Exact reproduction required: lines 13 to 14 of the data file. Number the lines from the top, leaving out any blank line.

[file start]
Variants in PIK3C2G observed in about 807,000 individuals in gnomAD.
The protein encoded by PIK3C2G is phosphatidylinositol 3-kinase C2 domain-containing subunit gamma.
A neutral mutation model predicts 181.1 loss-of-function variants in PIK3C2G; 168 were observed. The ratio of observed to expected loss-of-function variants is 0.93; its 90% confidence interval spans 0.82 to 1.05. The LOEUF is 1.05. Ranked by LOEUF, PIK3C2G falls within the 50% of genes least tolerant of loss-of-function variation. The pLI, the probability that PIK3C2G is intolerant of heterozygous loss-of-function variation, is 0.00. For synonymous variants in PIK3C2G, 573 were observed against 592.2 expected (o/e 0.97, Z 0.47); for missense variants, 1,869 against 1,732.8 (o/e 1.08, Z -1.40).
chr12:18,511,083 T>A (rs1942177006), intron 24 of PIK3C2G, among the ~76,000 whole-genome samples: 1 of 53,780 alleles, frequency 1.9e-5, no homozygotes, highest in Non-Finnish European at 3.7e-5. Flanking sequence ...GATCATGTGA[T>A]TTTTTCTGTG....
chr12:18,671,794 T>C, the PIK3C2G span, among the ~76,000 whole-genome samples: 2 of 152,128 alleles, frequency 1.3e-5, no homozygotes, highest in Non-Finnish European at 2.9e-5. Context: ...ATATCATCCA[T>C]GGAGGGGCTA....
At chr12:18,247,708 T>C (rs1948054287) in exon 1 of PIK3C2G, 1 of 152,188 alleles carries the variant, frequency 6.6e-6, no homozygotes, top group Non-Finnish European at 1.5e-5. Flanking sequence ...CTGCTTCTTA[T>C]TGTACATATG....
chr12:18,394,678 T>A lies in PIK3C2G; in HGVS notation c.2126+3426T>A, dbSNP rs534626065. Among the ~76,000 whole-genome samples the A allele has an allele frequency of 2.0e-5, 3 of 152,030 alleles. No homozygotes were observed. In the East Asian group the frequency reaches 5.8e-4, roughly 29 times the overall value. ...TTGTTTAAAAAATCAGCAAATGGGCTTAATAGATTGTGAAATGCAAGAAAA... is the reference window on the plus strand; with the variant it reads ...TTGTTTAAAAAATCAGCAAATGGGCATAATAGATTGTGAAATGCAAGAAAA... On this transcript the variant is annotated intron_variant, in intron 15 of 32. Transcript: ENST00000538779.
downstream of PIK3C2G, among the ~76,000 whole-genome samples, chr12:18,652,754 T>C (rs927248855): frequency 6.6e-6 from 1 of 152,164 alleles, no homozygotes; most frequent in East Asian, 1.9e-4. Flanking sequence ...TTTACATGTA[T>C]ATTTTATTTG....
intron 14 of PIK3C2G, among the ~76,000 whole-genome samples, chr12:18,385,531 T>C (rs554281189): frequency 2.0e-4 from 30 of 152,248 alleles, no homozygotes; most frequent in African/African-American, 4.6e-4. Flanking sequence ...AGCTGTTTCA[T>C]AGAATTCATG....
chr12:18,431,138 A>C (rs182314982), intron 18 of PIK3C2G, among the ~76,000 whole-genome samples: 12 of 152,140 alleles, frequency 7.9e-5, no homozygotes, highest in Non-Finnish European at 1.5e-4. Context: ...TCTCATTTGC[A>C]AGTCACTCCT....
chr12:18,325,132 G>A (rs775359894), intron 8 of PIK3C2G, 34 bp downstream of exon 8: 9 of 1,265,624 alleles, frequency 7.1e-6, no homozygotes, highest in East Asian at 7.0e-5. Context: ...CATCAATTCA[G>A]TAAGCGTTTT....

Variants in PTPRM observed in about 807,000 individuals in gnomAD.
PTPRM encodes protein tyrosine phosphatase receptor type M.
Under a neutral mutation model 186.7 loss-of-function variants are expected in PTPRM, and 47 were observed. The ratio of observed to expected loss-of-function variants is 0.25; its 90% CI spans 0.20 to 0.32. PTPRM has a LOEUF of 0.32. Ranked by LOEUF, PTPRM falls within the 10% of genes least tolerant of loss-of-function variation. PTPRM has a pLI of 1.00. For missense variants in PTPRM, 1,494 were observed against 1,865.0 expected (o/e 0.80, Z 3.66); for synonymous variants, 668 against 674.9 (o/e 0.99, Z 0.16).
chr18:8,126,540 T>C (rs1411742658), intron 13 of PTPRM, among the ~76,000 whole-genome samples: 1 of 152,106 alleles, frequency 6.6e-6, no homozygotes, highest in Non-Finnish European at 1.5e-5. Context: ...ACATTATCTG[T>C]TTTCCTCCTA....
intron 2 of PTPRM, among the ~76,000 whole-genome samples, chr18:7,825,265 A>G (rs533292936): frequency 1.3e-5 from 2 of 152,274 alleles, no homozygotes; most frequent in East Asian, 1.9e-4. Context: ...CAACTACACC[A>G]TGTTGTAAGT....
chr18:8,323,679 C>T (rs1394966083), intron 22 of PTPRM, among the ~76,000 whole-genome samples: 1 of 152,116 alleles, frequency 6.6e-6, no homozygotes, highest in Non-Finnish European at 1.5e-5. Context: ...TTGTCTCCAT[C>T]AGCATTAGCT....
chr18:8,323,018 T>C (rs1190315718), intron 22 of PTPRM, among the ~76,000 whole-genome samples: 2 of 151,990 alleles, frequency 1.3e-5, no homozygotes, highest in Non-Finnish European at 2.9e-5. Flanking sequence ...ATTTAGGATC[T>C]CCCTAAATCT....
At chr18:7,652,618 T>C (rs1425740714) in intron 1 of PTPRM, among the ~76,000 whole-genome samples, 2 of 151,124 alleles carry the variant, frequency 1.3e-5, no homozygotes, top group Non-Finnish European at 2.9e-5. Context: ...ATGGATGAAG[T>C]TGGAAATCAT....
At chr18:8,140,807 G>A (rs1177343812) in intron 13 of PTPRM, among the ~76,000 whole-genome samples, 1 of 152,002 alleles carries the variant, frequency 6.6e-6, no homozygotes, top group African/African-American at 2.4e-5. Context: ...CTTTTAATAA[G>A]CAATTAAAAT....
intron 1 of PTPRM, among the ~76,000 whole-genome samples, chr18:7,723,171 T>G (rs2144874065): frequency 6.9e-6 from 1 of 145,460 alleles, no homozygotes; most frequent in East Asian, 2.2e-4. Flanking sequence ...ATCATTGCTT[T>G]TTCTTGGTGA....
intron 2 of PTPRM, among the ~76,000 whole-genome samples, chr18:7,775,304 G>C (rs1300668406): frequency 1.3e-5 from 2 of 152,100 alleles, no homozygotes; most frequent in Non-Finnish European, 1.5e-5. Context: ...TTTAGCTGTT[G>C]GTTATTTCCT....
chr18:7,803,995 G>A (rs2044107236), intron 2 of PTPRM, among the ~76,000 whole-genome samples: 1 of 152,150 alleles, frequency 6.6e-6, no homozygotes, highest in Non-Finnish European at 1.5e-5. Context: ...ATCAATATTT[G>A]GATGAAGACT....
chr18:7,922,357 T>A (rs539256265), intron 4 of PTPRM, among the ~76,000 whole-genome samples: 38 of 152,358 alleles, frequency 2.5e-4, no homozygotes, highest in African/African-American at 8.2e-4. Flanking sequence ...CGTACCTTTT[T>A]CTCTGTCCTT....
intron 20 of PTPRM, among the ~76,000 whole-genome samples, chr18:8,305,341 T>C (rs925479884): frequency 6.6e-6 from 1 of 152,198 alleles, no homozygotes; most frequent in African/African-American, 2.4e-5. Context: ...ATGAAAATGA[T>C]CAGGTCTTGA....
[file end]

PTPRM encodes protein tyrosine phosphatase receptor type M.
Under a neutral mutation model 186.7 loss-of-function variants are expected in PTPRM, and 47 were observed. The ratio of observed to expected loss-of-function variants is 0.25; its 90% CI spans 0.20 to 0.32. PTPRM has a LOEUF of 0.32. Ranked by LOEUF, PTPRM falls within the 10% of genes least tolerant of loss-of-function variation. PTPRM has a pLI of 1.00. For missense variants in PTPRM, 1,494 were observed against 1,865.0 expected (o/e 0.80, Z 3.66); for synonymous variants, 668 against 674.9 (o/e 0.99, Z 0.16).